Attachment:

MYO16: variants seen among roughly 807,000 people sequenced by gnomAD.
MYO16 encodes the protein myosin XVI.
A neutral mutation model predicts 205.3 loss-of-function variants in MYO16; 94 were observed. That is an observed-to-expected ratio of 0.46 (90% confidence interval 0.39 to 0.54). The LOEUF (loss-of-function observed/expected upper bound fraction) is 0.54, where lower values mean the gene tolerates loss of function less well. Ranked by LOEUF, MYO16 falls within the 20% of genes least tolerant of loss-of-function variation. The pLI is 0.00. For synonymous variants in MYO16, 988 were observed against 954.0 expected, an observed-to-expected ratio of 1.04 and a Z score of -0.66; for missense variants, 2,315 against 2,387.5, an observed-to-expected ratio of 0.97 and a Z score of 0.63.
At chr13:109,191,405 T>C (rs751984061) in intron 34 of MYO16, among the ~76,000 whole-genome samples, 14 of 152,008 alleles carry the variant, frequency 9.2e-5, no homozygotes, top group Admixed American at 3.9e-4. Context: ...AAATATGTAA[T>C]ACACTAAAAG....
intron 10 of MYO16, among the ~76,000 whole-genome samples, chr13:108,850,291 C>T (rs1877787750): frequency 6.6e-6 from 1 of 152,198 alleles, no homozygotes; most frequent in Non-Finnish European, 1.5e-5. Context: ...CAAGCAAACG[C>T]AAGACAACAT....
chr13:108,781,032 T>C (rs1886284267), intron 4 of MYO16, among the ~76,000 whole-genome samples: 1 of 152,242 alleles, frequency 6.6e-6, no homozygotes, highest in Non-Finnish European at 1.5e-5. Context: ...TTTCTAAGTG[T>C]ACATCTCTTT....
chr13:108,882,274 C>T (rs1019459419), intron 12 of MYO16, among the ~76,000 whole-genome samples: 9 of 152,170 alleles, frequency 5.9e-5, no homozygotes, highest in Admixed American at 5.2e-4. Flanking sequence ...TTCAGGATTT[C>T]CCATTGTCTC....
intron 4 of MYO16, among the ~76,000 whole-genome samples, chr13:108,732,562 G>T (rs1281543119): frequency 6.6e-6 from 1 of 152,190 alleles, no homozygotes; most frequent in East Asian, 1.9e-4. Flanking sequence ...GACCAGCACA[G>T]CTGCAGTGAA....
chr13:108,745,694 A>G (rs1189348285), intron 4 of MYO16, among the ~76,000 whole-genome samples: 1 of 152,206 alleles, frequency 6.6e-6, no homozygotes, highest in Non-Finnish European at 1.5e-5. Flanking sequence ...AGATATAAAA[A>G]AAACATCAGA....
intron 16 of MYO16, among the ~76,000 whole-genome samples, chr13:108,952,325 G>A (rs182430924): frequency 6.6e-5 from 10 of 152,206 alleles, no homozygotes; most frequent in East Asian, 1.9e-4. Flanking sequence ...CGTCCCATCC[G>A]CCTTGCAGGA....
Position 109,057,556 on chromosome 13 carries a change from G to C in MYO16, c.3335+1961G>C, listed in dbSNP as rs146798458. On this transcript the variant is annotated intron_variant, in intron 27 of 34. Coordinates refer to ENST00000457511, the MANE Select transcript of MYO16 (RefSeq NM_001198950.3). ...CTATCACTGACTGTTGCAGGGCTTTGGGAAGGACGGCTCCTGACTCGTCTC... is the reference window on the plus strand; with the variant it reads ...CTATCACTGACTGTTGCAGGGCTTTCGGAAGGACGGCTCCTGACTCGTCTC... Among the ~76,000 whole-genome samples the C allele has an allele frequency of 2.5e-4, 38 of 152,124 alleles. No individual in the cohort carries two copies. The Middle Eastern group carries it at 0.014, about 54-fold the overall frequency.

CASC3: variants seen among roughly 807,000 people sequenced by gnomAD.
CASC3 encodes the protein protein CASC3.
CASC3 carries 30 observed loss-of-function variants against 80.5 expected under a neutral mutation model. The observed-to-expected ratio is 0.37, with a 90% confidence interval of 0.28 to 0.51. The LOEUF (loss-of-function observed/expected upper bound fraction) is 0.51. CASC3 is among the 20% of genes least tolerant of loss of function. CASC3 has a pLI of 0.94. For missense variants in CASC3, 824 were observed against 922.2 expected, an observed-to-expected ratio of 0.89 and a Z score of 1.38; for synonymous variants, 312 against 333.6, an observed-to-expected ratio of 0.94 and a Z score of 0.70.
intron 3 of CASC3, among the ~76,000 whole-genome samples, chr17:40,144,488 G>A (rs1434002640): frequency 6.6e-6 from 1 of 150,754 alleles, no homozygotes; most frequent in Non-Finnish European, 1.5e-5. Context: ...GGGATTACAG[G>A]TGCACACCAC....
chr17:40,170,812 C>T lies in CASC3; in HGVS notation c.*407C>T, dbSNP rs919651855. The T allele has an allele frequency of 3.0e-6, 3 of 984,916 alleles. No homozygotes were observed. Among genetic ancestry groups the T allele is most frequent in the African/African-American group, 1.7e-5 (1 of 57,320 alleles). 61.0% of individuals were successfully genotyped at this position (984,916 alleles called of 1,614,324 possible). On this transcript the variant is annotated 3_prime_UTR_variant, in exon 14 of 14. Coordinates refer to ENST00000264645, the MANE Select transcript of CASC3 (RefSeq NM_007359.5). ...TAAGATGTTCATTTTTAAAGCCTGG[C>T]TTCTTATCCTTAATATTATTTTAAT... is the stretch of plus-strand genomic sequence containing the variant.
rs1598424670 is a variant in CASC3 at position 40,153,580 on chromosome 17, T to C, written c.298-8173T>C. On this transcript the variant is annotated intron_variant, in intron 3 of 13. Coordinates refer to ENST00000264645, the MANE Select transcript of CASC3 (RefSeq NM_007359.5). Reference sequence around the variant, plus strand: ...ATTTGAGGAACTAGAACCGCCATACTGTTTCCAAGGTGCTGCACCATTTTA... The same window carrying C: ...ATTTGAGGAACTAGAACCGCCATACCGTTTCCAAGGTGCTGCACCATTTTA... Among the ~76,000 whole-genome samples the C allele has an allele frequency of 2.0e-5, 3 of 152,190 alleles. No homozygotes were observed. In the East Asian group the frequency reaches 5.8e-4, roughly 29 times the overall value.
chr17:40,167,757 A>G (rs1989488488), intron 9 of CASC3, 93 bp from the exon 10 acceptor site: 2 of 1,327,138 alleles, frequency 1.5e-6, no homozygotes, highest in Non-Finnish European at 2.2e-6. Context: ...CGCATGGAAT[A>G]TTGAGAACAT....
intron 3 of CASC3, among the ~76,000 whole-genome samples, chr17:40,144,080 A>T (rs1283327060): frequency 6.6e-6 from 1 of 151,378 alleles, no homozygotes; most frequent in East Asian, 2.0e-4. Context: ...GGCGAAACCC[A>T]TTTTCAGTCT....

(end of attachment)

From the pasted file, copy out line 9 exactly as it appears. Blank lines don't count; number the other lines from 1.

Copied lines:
chr13:108,745,694 A>G (rs1189348285), intron 4 of MYO16, among the ~76,000 whole-genome samples: 1 of 152,206 alleles, frequency 6.6e-6, no homozygotes, highest in Non-Finnish European at 1.5e-5. Flanking sequence ...AGATATAAAA[A>G]AAACATCAGA....